Mr Ewing, MSP for Inverness and Nairn, assured the pair that he too wants to see garden centes open again as soon as it is deemed safe for that to happen, replying: “The public health measures that we have taken require people to stay at home to save lives and avoid pressure being put on the National Health Service. Therefore, as I understand it, up until now, across these islands, garden centres have not been operating as they were, particularly those that have cafes and restaurants. For some garden centres, a cafe or restaurant forms a major part of their business.

“It is a serious topic. There is a lot at stake here. This is the prime season for garden centres. Therefore, I was pleased that we were able to remove any doubt that might hitherto have existed about the fact that garden centres are free to continue trading by offering click and collect or deliveries of plants, flowers, shrubs and so on to their clients, and I know that some businesses have availed themselves of that option.

“I sympathise with Rachael Hamilton and Christine Grahame on those points.

“I appreciate that gardening is a great source of pleasure for many people, particularly during lockdown.

“It would be great to see those people who have gardens getting out there and getting the benefits of the fresh air and physical exercise involved, as well as the sense of wellbeing that comes from that.

“The supply chain is also extremely important.

“Let me be clear – I want garden centres to be opened as soon as it is safe to do so, but the overriding question must be the extent to which we require continuing precautionary measures in order to address the main objective of saving lives and preventing there being overwhelming demand on our NHS acute medical services. Those are very difficult issues.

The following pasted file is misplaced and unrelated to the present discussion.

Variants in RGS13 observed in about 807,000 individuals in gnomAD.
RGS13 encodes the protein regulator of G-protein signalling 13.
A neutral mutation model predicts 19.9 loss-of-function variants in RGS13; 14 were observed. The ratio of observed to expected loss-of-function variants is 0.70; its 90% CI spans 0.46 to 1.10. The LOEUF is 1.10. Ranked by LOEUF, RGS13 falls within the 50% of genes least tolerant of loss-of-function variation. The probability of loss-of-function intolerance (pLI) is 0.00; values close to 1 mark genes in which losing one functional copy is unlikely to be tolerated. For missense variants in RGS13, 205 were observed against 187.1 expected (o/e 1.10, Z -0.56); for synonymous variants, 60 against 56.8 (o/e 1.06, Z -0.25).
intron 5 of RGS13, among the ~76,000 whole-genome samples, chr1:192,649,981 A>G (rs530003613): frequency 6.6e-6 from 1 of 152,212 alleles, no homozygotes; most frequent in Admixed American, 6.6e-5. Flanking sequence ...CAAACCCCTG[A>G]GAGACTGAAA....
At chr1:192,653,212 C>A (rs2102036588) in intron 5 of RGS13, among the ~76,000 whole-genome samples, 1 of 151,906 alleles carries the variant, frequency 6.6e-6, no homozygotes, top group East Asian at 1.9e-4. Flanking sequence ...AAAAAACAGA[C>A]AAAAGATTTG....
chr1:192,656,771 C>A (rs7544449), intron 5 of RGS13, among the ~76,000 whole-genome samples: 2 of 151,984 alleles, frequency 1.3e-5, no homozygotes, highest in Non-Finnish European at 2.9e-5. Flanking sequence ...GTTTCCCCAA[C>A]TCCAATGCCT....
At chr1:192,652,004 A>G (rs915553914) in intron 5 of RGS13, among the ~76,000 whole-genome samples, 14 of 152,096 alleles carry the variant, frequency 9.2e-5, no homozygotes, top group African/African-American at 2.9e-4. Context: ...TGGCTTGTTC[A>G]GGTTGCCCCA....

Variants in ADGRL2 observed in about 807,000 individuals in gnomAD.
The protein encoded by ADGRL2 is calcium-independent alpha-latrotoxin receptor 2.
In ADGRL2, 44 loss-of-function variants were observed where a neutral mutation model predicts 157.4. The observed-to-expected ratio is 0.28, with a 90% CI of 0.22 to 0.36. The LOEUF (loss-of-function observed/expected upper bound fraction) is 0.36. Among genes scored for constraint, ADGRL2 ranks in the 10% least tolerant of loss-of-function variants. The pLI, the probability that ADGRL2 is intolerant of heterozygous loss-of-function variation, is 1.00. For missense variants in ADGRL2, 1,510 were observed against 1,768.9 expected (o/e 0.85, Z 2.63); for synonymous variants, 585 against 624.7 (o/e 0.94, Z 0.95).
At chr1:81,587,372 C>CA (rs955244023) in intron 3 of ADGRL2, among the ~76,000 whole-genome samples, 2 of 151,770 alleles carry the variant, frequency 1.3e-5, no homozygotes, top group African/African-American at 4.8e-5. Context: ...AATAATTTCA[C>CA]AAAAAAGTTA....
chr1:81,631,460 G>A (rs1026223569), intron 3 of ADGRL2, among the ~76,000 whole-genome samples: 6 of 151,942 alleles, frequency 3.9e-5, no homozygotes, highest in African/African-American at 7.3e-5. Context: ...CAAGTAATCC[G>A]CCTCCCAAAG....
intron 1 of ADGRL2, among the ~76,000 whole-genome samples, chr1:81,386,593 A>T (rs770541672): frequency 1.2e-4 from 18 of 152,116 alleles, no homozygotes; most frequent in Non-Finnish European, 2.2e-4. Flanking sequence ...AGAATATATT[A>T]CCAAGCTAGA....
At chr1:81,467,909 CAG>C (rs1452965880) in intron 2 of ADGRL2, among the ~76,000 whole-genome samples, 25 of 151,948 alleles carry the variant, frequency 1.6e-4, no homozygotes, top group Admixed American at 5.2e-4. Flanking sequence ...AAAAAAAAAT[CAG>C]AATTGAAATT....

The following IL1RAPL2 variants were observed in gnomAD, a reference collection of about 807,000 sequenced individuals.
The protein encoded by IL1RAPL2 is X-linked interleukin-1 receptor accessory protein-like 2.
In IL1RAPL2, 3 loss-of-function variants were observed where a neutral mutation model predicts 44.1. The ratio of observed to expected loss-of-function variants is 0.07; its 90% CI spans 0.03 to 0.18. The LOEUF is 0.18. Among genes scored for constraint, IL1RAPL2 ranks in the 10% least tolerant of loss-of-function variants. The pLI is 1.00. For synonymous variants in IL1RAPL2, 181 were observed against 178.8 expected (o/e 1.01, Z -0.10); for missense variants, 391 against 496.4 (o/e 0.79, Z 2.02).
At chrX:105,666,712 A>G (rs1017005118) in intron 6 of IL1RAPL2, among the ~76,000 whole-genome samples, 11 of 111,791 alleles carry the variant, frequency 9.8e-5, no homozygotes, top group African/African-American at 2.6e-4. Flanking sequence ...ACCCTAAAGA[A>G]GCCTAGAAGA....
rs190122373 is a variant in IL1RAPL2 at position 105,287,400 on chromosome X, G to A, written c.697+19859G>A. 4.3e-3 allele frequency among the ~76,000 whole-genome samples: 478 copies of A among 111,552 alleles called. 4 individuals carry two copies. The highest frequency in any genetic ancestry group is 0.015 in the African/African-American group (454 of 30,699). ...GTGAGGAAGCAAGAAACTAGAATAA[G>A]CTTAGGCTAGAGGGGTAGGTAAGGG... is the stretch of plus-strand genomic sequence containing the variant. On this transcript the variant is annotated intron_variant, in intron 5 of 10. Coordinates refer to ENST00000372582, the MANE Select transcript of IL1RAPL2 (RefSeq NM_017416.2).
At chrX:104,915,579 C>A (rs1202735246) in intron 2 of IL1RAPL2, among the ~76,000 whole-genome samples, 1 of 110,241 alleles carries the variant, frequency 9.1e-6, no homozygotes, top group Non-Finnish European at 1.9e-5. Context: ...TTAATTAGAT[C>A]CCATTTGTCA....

“I agree with the sentiments expressed. I would like to see garden centres opening as soon as it is safe to do so.

“I must respect the judgement and decisions that are made after we assess the overall medical evidence.

“Christine Grahame made the point about social distancing, which is an important part of all the plans for every sector.

“All sectors under the rural affairs department are preparing plans for recovery in order that they can provide confidence to those members of the public who are still extremely concerned about lifting restrictions of any kind so that, in every case where activity is revived, restored and recovered, it is done in full compliance with Covid-19 best practice.

“We need to be safe.”

Gerry Saddler, Scotland’s chief plant health officer, added: “We are in regular contact with the Horticultural Trades Association.

“We have its protocol, which suggests a way that garden centres could reopen safely. That protocol is currently being vetted by Health Protection Scotland.

“In some respects, all the building blocks to allow garden centres to reopen in Scotland at some stage in the future are in the process of being put together.

“All the preparation work is ongoing, and we will be ready to go as soon as it is safe to open garden centres.

“All the preparation work is now in place.”

Ms Grahame was heartened by that response, adding afterwards: “I welcome news that this is being given serious consideration, and I trust the Scottish Government will authorise reopening soon.”